During the brief period when the PCB was legal, its candidates won significant victories in elections, mostly in cities with large working-class populations. In December 1945 fifteen Communists were elected as federal legislators, nine of whom were laborers themselves. Despite its policy of national unity, PCB militants participated actively in organizing and mobilizing workers (Costa 1995). But this momentum did not survive the repressive crackdown. In May 1947 the PCB was outlawed, its militants were jailed, and several labor unions came under government control. In January 1948 Communist legislators' terms of office were summarily ended. This repression showed how fragile democracy could be, though Dutra's government did not have a monopoly on repression. Throughout this period, the political police worked with business owners to keep mechanisms in place to monitor and control workers, both in and out of the workplace (Negro and Fontes 2001).


In 1950 support was clearly strong for Vargas and Laborism. Vargas returned to the presidency as a PTB candidate with significant political capital among workers, but he created and faced serious contradictions as he tried to form a coalition government (D'Araujo 2004). He formed alliances with politicians from the PSD, UDN, and the Partido Social Progress (PSP, Social Progress Party), whose leading figure was Adhemar de Barros (1901–1969), a populist governor of São Paulo. But these politicians questioned the sincerity of Vargas's intentions. Though he said he wanted to revitalize Laborism, he kept only the Ministry of Labor in the hands of the PTB. The nationalist wing of the armed forces lost face as a consequence of the government's military pacts with the United States. The nationalization of key industries and restrictions on sending profits abroad made foreign support less likely. Shrinking wages and the government's inflationary policies magnified workers' discontent and led to an explosion of massive strikes in 1953, such as the Rio de Janeiro seafarers' strike, and the "strike of the 300,000" in São Paulo, which united wage earners from a broad range of occupations.

Increasingly isolated, Vargas went on to court the working-class vote by naming João Belchior Marques Goulart ("Jango," 1918–1976) minister of labor. Jango launched a new era in the relationship with union officials, bringing them closer to the ministry through his informal and personal style. His short-lived administration implemented more flexible policies: For instance, it suspended government intervention in unions, halted the persecution of Communists, loosened laws governing strikes, and defended a nationalist project of social reforms. His boldest initiative was a decree doubling the minimum wage, which led to his removal as minister and stirred up opposition to the Vargas administration (Ferreira 2005).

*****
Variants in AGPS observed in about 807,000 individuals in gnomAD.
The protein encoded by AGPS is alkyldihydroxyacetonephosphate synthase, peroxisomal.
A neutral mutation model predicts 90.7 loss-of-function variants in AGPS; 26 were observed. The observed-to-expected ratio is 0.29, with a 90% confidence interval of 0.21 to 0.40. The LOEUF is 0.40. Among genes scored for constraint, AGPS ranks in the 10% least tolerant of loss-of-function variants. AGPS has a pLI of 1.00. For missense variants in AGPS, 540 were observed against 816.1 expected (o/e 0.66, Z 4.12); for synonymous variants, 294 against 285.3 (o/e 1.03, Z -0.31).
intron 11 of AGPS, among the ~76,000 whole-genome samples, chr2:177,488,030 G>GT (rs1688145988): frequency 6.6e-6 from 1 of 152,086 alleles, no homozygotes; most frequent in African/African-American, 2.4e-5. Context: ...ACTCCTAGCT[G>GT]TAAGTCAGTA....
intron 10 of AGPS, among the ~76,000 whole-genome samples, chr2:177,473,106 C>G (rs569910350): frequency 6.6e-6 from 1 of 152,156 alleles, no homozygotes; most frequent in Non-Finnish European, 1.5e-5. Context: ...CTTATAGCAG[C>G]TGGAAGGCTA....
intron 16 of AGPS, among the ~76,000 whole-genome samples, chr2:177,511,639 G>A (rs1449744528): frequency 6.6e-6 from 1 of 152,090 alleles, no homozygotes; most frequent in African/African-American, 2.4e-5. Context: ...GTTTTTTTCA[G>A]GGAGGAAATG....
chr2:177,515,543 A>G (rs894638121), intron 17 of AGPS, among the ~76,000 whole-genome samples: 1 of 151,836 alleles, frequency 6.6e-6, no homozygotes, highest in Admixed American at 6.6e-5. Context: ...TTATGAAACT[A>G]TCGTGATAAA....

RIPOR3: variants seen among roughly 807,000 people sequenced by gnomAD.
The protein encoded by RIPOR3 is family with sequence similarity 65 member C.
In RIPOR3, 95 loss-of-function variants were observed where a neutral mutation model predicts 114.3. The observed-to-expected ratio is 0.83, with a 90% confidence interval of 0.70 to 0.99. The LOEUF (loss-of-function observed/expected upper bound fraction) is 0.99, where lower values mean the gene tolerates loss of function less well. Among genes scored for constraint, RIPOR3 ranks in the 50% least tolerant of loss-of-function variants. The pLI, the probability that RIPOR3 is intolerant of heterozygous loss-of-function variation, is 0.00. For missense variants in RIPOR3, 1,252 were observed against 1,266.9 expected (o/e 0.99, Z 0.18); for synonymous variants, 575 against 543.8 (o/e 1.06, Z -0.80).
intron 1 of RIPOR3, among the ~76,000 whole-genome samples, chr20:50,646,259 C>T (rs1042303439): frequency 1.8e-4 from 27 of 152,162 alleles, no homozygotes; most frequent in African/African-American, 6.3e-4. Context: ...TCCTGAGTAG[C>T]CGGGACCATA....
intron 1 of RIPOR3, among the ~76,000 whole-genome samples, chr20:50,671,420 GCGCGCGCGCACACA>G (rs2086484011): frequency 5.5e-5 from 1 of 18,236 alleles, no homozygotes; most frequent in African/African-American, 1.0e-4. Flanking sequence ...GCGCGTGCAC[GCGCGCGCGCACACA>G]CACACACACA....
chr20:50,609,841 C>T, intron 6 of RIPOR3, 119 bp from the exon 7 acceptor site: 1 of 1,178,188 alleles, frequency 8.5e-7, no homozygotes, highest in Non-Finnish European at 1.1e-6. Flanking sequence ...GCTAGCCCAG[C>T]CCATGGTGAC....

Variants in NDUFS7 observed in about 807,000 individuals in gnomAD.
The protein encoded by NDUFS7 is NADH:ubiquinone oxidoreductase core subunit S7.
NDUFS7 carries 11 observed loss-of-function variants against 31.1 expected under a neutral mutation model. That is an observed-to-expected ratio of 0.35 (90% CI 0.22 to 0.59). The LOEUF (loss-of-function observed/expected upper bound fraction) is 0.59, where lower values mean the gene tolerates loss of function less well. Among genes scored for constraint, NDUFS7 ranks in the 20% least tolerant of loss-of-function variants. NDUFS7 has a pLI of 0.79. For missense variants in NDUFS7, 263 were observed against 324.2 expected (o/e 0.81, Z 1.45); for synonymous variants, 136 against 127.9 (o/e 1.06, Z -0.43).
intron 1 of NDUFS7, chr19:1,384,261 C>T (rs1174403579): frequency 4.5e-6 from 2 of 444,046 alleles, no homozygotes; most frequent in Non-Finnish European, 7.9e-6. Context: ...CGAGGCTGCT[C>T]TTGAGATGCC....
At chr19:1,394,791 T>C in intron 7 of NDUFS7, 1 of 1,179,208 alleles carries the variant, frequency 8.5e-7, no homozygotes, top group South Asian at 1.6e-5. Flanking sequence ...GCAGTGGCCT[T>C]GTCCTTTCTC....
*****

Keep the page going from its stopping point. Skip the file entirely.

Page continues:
In August, in the midst of a serious institutional crisis, the civilian and military oposition, led by the UDN, demanded the president's removal. On 24, August Vargas picked up a gun and committed suicide. Members of the opposition barely had time to celebrate before they were besieged with mass demonstrations (including rioting, fires, and uprisings) blaming them for the president's drastic act. The fiercely anti-Vargas UDN had lost its main rallying point: Vargas himself (Benevides 1981). It was Vargas's death that saved the statist, nationalist, and populist political tradition associated with Vargas, known as Getulismo, avoided a planned coup, and preserved the constitutional rule of law that eventually led to the victory of Juscelino Kubitschek (JK) in the 1955 elections.


Over time, Laborism revolved less and less around the figure of Vargas. The party opened itself up to a social-reform approach and formed closer ties to labor organizers who were involved in unions and who defended autonomous development of the national economy. Laborism was even taken up by other rising regional populist leaders, such as Adhemar de Barros and Jânio da Silva Quadros (1917–1992) in São Paulo, and Leonel Brizola (1922–2004) in Rio Grande do Sul. The success of these politicians hinged less on Laborism and unions and more on addressing public demand for urban infrastructure (Fontes 2002).